“Steve Jobs” is the modern American genius. Like Bill Gates and Mark Zuckerberg, he had an idea and knew what to do with it. Like Gates and Zuckerberg, he made himself incredibly rich, and at a fantastically young age. But unlike them, he was not happy in his personal life, and died fairly young, as well (at 56). Though his legacy in the computer world is unassailable: Apple.
The movie takes us to the moments before three big product launches, though there would be many more. Each time, there is conflict with co-workers about what is possible, and what will work at that moment. Each time, Jobs (Michael Fassbender) wrestles mightily to present the product that he is convinced will be successful, and in this he has almost-unerring instinct. Through it all, there is his capable assistant, Joanna Hoffman (Kate Winslet), with whom he obviously has a deeper relationship, though that's not really unfolded for us. And each time, the one person he doesn't want to see, Chrisann Brennan (Katherine Waterston) appears, a former girlfriend who absolutely insists that her daughter is his, but he simply does not want to acknowledge that, despite rather conclusive paternity tests, which he attempts to dismiss with geeky mathematical probability reasoning, which sounds depressingly like abdication of personal responsibility.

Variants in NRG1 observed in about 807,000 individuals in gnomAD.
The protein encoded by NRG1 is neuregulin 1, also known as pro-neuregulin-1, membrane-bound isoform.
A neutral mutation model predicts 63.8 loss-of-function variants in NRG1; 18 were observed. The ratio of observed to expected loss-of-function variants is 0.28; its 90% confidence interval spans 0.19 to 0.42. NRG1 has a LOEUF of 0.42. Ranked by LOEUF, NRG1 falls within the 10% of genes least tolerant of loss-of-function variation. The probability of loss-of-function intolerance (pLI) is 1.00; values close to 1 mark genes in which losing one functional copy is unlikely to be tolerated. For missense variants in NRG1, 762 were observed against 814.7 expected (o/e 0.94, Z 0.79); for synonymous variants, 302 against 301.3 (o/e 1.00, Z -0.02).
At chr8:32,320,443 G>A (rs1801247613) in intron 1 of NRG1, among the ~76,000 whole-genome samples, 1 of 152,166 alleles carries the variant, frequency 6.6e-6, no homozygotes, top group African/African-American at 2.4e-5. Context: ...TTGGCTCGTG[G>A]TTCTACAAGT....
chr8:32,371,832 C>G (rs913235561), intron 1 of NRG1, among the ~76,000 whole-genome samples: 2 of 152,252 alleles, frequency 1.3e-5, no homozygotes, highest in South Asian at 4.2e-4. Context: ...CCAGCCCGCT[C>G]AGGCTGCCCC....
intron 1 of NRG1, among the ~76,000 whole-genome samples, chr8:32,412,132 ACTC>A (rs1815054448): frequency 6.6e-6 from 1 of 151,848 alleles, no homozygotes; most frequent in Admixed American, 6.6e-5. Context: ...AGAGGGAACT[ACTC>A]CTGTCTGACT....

But it's almost as if Steve Jobs just doesn't have time for anything or anyone other than his personal passion at the moment, the new product, the forward-thinking development that will startle and delight the masses. Jobs likens himself to the conductor of a symphony orchestra, making sure every individual artist and expert is functioning at performance level in order to create the overall effect that is masterfully artistic. From those halcyon days in the garage with Steve Wozniak (Seth Rogen) to the techie-talk with Andy Herzfeld (Michael Stuhlbarg) to the frantic boardroom machinations with John Sculley (Jeff Daniels), Steve Jobs is always pushing, always sure of himself and his vision, always looking ahead, and never behind. Even to repair relationships in which a little effort could have improved a lot. He was far too focused and driven and purposeful to entertain anything resembling regret.
Yes, Steve Jobs is the modern American genius. You have to admire him. But you don't have to like him.
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Dr. Ronald P. Salfen is the Supply Pastor, First Presbyterian Church, Mabank, Texas